New Orleans Suffering From Storm-Battered City Syndrome
New Orleans, Louisiana - After a brief episode of strained relations, New Orleans has forgiven President Bush for having had contact with Minneapolis. For his part Mr. Bush has staunchly maintained all along that his relationship with Minneapolis was strictly business and that his pledging aid to Minneapolis for bridge repair was nothing more than a friendly gesture.
Immediately after Mr. Bush's visit to Minneapolis, closely before the second anniversary of Hurricane Katrina, New Orleans claimed alienation of Mr. Bush's affections. However, after Bush renewed his vows to rebuild New Orleans, the city appears to have forgiven all.
Marcia Funebre, an expert on domestic relations, says that New Orleans' willingness to forgive demonstrates a typical pattern. "It's storm-battered city syndrome," said Ms. Funebre. "New Orleans realizes, on some level, that Bush hasn't told the truth. But, at the same time, New Orleans looks around and thinks 'Well, there aren't any dead people rotting in wheelchairs on the sidewalks, or armed gangs taking over the hospitals or people drowning in their own attics or being mugged in the Convention Center, so maybe things really aren't all that bad.' After having invested two long, hard years in the relationship New Orleans is reluctant to totally give up on Bush."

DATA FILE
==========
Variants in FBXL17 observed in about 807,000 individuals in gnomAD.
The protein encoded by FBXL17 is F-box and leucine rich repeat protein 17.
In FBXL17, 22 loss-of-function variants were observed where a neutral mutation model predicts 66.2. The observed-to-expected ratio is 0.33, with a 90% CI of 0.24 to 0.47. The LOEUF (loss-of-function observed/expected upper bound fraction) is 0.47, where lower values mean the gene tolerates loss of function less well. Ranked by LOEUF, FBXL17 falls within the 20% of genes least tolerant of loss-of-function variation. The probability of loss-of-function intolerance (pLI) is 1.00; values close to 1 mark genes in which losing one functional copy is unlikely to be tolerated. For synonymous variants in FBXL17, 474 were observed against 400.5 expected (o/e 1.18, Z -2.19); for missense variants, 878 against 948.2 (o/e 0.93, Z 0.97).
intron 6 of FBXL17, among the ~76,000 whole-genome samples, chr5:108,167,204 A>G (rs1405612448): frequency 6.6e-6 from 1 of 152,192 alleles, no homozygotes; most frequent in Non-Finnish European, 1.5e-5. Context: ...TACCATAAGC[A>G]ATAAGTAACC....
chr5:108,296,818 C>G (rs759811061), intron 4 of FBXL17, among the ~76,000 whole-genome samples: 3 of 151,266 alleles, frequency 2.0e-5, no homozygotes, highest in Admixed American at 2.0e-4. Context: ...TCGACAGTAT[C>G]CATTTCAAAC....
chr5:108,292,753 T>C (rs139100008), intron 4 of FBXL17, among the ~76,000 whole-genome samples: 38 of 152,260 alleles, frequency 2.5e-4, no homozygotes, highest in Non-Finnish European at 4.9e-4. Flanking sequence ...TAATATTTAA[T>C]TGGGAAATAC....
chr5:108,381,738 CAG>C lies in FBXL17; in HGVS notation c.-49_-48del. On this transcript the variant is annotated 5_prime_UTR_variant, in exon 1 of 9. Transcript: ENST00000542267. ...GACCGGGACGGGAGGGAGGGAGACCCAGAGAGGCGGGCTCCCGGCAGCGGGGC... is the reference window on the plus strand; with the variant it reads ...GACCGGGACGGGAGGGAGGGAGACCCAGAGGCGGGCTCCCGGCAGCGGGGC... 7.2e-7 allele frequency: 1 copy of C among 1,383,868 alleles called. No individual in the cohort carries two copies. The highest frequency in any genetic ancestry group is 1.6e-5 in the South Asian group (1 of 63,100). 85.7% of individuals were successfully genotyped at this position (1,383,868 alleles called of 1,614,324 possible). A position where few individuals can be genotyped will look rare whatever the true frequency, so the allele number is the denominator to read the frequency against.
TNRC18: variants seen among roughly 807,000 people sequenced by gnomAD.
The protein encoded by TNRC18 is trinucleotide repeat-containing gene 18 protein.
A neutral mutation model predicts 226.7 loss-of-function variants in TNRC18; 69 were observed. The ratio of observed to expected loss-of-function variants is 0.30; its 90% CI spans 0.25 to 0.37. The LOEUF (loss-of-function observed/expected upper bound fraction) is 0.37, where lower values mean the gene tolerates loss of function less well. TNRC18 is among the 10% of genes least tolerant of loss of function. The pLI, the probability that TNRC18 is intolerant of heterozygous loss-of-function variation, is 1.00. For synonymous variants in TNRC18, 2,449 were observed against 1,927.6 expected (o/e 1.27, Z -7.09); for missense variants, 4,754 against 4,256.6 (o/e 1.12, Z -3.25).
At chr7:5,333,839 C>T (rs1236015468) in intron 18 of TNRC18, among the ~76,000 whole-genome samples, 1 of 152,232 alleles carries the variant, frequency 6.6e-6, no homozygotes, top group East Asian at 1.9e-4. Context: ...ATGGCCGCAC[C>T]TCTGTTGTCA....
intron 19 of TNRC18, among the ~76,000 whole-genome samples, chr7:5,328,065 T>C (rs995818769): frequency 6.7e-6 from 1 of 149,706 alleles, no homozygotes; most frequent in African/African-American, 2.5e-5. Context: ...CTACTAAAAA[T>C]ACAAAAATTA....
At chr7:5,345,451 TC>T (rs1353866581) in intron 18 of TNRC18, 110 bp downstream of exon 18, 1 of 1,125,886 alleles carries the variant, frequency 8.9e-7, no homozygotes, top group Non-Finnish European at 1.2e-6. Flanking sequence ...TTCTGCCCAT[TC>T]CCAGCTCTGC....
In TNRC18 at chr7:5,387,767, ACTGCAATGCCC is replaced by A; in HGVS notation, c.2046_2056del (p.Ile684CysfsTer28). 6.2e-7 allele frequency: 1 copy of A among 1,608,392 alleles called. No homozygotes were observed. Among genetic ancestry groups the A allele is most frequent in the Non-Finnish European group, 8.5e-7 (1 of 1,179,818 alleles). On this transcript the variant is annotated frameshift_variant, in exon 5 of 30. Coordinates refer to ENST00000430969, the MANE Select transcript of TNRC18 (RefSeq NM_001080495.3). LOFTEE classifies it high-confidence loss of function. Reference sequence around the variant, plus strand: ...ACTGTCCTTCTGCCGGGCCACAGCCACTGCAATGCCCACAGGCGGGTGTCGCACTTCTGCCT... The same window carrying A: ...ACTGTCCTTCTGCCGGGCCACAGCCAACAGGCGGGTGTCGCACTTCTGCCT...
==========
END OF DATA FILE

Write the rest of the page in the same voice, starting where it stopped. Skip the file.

It has been pointed out that some of the current presidential candidates would be eager to ally themselves with the city. John Edwards, in particular, has appeared several times in New Orleans using the unresolved post-Katrina problems as a demonstration of Bush's incompetency and neglect, while claiming that he would be the city's knight in shining armor. Edwards even got a haircut prior to one visit. So, why hasn't New Orleans explored its other options?
"Of course there are many candidates who would be happy to give New Orleans attention," agreed Ms. Funebre, "It's still quite an attractive city and it has that cute French accent. John Edwards probably isn't the only candidate who would come to the city with a solid proposal. But, evidently New Orleans isn't at that stage of self-awareness yet. New Orleans seems willing to continue to tolerate the cycle of sweet talk and broken promises."
Questioned about Mr. Bush's feelings for New Orleans, Ms. Funebre said, "No one can look into George Bush's heart and know what he really feels. But, let's not forget that before there was New Orleans there was Baghdad. Personally, I don't think Bush has ever gotten over his infatuation with Baghdad. Even though it's been years since he's seen Baghdad, he still talks about that city every day. His heart has been captured by an exotic city and foreign affairs. An American city and routine domestic relations don't seem to excite him anymore."
Written for Assimilated Press by roving reporter pinko